A Christian group allows Sunday morning access to a New Jersey beach it closed to honor God – Monomaxos

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OCEAN GROVE, N.J. (AP) — A Christian religious group that has closed its beaches on Sunday mornings for generations to honor God is relenting temporarily, allowing beachgoers onto the sand while it fights a court case with New Jersey over whose rules are paramount.

The Ocean Grove Camp Meeting Association, a Methodist group that established a Christian seaside retreat at the Jersey Shore in 1869, says it will allow people onto the beach on Sunday mornings while the case plays out.

The association has asked for an emergency ruling halting action by the Department of Environmental Protection to enforce beach access laws that New Jersey says Ocean Grove is violating. The agency threatened fines of $25,000 per day.

“For 155 years, we have closed our beach on Sunday mornings to honor God — a core pillar of this community since the founding of the Ocean Grove Camp Meeting Association,” the group’s statement says. “We are challenging this order to preserve our property rights and religious freedom.”

Ocean Grove is part of Neptune Township, just north of Asbury Park and about 60 miles south of New York City.

The association owns all the land in the community that calls itself “God’s Square Mile at the Jersey Shore,” including the beaches, which it has kept closed until noon on Sundays while it held worship services.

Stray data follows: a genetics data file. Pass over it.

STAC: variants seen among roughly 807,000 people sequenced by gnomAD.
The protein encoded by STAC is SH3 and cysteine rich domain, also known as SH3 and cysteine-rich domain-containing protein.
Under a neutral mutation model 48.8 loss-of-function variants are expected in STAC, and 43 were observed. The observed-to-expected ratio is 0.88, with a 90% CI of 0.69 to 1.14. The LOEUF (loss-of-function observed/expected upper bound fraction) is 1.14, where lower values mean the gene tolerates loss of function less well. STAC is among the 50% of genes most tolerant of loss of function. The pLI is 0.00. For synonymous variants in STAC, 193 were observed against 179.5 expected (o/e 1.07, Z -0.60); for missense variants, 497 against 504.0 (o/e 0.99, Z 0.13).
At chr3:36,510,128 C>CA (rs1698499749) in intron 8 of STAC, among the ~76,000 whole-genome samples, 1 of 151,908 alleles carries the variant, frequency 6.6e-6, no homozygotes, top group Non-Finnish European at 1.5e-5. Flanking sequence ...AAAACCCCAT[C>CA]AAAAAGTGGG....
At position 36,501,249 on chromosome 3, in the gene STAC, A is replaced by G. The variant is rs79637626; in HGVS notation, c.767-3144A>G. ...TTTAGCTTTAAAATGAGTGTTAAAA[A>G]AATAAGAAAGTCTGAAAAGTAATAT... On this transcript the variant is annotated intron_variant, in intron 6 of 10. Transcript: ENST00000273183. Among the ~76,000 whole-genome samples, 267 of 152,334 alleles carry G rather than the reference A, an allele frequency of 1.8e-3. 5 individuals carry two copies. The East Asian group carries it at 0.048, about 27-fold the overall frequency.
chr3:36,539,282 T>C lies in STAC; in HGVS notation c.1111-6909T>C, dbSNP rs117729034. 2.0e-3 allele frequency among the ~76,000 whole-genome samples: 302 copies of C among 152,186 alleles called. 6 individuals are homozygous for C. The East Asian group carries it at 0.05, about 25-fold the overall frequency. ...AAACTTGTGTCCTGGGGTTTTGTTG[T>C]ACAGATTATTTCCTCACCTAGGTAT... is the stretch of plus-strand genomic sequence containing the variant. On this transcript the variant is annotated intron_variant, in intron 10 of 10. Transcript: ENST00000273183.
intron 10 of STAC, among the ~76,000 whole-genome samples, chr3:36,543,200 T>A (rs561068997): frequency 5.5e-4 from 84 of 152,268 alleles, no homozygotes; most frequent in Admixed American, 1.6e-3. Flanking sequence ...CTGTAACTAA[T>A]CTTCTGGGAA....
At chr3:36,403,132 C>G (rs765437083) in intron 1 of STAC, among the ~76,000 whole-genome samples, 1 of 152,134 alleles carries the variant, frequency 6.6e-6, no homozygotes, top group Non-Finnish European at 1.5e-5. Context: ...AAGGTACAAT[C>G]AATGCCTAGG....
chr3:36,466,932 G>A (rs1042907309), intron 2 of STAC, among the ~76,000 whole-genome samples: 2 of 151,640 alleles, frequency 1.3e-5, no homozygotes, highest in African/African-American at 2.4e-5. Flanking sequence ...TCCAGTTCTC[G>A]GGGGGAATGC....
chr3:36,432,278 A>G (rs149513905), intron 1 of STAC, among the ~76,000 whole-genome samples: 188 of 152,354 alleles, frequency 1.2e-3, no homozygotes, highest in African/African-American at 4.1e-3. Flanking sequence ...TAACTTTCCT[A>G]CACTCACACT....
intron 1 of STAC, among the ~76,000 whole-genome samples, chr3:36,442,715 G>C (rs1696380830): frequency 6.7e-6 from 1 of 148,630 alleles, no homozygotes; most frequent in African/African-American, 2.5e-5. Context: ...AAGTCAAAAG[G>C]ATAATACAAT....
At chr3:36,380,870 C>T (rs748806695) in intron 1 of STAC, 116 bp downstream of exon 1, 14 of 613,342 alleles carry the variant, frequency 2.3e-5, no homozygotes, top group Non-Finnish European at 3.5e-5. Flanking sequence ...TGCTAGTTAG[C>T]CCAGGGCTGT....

Some people defied the rules last year, venturing onto the beach on Sunday mornings. They said association personnel called the police, but officers did not intervene once they arrived.

In court papers, the association said that “all members of the public are welcome (onto the beach) 365 days a year. Anyone, regardless of race, creed, religion or orientation is welcome onto this private property 99.5% of the year.”

“Public access is restricted for 45 hours out of the year between Memorial Day and Labor Day, a policy the association called “abundantly reasonable.”

There is no indication when the administrative law judge might issue a decision.

The DEP and the state attorney general’s office did not immediately respond to requests for comment Tuesday.

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